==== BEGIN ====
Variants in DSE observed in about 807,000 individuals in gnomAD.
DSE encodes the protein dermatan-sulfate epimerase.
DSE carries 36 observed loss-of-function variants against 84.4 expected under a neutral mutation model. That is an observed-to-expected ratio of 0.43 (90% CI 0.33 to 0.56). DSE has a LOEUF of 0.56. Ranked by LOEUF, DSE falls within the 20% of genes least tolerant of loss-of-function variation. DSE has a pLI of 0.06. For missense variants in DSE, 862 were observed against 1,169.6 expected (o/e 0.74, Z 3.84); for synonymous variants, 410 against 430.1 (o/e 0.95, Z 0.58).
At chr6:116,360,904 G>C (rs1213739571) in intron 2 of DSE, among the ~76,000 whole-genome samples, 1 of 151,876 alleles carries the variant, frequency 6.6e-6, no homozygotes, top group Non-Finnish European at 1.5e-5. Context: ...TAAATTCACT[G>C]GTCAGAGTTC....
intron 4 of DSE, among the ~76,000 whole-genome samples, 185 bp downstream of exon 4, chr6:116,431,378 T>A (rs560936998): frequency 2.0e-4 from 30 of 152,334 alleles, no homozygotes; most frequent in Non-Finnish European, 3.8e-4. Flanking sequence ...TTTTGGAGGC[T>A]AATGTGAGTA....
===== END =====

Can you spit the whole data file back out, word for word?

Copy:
Variants in DSE observed in about 807,000 individuals in gnomAD.
DSE encodes the protein dermatan-sulfate epimerase.
DSE carries 36 observed loss-of-function variants against 84.4 expected under a neutral mutation model. That is an observed-to-expected ratio of 0.43 (90% CI 0.33 to 0.56). DSE has a LOEUF of 0.56. Ranked by LOEUF, DSE falls within the 20% of genes least tolerant of loss-of-function variation. DSE has a pLI of 0.06. For missense variants in DSE, 862 were observed against 1,169.6 expected (o/e 0.74, Z 3.84); for synonymous variants, 410 against 430.1 (o/e 0.95, Z 0.58).
At chr6:116,360,904 G>C (rs1213739571) in intron 2 of DSE, among the ~76,000 whole-genome samples, 1 of 151,876 alleles carries the variant, frequency 6.6e-6, no homozygotes, top group Non-Finnish European at 1.5e-5. Context: ...TAAATTCACT[G>C]GTCAGAGTTC....
intron 4 of DSE, among the ~76,000 whole-genome samples, 185 bp downstream of exon 4, chr6:116,431,378 T>A (rs560936998): frequency 2.0e-4 from 30 of 152,334 alleles, no homozygotes; most frequent in Non-Finnish European, 3.8e-4. Flanking sequence ...TTTTGGAGGC[T>A]AATGTGAGTA....